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Here's what Google Glass v2.0 needs

Sharon Gaudin | April 29, 2015
Add a killer app, better design and a lower price

google glass 1
Google Glass: For a very particular brand of nerd. Credit: Image: Michael Homnick

With reports that Google is developing a new version of its troubled wearable, Glass, industry watchers weighed in on what changes are needed to turn the product from being the butt of jokes to a computer that people would want to wear.

After pulling Google Glass out of the public's critical gaze this past January, the Wall Street Journal reported that the company may be close to unveiling an updated version of Glass.

That leads to the question: What will be different in this latest version?

Will it be enough to take off the tarnish that had increasingly built up around the prototype? The device initially had been met with geeky enthusiasm but then faded to the point that Glass users got the not-so-flattering nickname of Glassholes.

"I think we had recognized that the next version needs to be far more attractive and a far more shippable product," said Rob Enderle, an analyst with the Enderle Group. "They've dug themselves such a deep hole with Google Glass that it will take a lot to get out of it."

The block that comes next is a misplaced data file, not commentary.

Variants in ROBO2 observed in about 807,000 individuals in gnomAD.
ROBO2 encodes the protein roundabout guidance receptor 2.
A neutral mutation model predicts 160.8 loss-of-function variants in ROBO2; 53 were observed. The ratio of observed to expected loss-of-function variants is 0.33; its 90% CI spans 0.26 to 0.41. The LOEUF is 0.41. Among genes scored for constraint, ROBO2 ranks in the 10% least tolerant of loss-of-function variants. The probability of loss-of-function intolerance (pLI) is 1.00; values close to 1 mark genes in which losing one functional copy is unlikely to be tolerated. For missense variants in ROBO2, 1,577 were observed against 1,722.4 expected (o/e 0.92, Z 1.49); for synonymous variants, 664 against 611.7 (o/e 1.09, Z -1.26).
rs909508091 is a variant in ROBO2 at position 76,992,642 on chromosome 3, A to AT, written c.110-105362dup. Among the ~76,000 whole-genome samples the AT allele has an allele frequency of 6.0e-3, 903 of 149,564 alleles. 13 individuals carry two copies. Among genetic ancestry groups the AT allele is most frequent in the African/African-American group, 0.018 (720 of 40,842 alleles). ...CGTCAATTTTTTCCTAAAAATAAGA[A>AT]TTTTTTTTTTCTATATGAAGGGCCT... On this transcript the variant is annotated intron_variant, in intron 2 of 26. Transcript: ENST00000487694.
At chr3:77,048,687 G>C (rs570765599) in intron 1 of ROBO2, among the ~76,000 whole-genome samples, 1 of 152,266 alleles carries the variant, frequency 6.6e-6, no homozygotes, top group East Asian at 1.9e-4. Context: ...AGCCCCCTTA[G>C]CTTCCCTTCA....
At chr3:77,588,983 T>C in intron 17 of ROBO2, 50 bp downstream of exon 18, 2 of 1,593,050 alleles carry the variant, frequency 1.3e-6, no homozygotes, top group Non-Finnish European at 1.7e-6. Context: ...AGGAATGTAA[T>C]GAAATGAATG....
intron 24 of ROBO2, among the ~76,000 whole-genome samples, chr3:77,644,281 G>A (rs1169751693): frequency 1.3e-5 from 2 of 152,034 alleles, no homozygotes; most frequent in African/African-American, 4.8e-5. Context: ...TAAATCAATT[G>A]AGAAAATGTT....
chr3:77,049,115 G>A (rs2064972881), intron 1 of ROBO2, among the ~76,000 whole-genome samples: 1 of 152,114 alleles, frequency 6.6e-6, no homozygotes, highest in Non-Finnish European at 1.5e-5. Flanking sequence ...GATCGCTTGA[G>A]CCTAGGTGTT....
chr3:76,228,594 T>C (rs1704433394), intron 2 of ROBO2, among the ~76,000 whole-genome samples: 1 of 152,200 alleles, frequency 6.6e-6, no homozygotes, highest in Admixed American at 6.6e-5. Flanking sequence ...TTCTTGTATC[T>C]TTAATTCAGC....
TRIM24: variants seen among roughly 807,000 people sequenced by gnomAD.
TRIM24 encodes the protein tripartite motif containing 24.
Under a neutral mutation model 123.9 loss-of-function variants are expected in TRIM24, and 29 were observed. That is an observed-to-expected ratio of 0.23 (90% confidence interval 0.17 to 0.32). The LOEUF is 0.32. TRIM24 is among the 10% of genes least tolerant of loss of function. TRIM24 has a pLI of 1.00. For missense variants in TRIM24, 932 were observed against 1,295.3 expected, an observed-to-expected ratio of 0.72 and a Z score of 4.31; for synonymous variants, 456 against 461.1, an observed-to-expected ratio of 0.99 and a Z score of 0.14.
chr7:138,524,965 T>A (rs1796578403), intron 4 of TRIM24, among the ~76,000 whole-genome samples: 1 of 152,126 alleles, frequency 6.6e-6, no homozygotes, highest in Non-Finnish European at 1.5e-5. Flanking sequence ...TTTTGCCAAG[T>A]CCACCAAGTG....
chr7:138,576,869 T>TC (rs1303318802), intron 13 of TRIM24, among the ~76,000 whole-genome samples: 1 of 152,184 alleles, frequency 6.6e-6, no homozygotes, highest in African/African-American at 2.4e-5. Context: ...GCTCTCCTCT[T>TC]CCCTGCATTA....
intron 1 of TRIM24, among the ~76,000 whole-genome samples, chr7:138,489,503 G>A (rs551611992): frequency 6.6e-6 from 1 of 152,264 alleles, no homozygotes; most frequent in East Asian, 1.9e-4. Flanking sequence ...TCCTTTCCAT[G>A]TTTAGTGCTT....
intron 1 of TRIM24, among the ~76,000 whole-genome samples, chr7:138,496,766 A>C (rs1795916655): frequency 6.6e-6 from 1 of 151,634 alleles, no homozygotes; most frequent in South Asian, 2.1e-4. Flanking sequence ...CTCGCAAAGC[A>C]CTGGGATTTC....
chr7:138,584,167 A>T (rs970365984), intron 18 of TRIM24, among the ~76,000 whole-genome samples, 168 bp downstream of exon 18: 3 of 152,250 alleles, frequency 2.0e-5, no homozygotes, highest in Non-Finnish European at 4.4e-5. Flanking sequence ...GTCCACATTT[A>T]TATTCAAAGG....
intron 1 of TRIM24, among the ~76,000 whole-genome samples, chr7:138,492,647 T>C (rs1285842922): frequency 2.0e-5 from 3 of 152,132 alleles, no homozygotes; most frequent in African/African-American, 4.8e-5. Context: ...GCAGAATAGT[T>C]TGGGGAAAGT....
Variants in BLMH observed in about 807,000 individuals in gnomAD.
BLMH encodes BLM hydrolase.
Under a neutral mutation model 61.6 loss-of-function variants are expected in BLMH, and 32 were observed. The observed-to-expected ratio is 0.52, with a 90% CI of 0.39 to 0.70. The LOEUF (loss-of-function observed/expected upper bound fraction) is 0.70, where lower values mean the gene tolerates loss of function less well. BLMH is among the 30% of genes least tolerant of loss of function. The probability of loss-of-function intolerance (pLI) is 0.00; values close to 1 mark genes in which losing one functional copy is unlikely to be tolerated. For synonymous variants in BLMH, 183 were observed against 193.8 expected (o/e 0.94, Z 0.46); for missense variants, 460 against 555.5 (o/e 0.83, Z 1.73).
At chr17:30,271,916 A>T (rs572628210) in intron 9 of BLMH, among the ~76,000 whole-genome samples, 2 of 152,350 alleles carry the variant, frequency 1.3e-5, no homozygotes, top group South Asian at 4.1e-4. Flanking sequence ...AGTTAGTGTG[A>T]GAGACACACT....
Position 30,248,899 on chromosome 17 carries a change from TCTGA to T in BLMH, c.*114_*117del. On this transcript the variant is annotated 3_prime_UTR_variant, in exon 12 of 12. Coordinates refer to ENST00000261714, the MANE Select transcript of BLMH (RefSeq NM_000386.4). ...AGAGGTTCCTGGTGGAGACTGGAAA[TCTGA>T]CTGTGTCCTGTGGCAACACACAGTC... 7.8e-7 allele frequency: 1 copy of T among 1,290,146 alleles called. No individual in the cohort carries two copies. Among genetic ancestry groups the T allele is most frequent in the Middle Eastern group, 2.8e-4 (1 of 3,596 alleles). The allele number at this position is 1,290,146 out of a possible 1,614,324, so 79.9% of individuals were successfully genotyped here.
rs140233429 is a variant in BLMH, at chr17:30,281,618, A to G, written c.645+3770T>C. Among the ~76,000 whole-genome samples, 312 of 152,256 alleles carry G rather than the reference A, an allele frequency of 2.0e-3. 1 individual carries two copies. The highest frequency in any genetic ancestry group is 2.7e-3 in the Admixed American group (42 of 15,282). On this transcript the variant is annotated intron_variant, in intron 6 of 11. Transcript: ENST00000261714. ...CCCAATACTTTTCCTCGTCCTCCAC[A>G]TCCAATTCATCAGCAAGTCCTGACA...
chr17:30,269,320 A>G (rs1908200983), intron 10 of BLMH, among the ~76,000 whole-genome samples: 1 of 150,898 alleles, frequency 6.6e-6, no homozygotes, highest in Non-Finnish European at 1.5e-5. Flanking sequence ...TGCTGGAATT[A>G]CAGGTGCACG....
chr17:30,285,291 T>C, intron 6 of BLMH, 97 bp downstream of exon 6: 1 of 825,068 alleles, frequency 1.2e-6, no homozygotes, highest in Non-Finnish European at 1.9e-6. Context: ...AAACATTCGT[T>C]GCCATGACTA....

Last week, Massimo Vian, CEO of the Luxottica Group, said his company is working with Google on the next version of Glass and the updated computerized eyeglasses should be out soon, the Journal reported.

Google signed on to work with Luxottica in March 2014, saying its new partner will bring "design and manufacturing expertise to the mix."

Luxottica did not respond to a request for comment.

Google would not say when a new version of the wearable might be unveiled, stating in an email only that its Glass "team is heads down building the future of the product."

With a new version of Glass in the works, Google not only has to rework its initial prototype, it has to reinvent the perception of Glass with the public.

"Google does have a shot at making this product work," said Dan Olds, an analyst with The Gabriel Consulting Group. "However, their first effort has put them in the hole, user attitude-wise. Most users either felt it was an overpriced toy or an unwanted invasion of privacy. Neither attitude made Google Glass any friends."

He added the news that Luxottica's CEO is talking about making progress on the next version of Glass is a good sign that Google hasn't decided to cut its losses and shelve the product.

"It means we're going to see a 'Son of Google Glass: The Sequel,' rather than see the product fade into nothingness," Olds said. "A better looking version of Google Glass might help sales a bit, but what will be more helpful is updated hardware and software, a price drop and better functionality with other applications."

 

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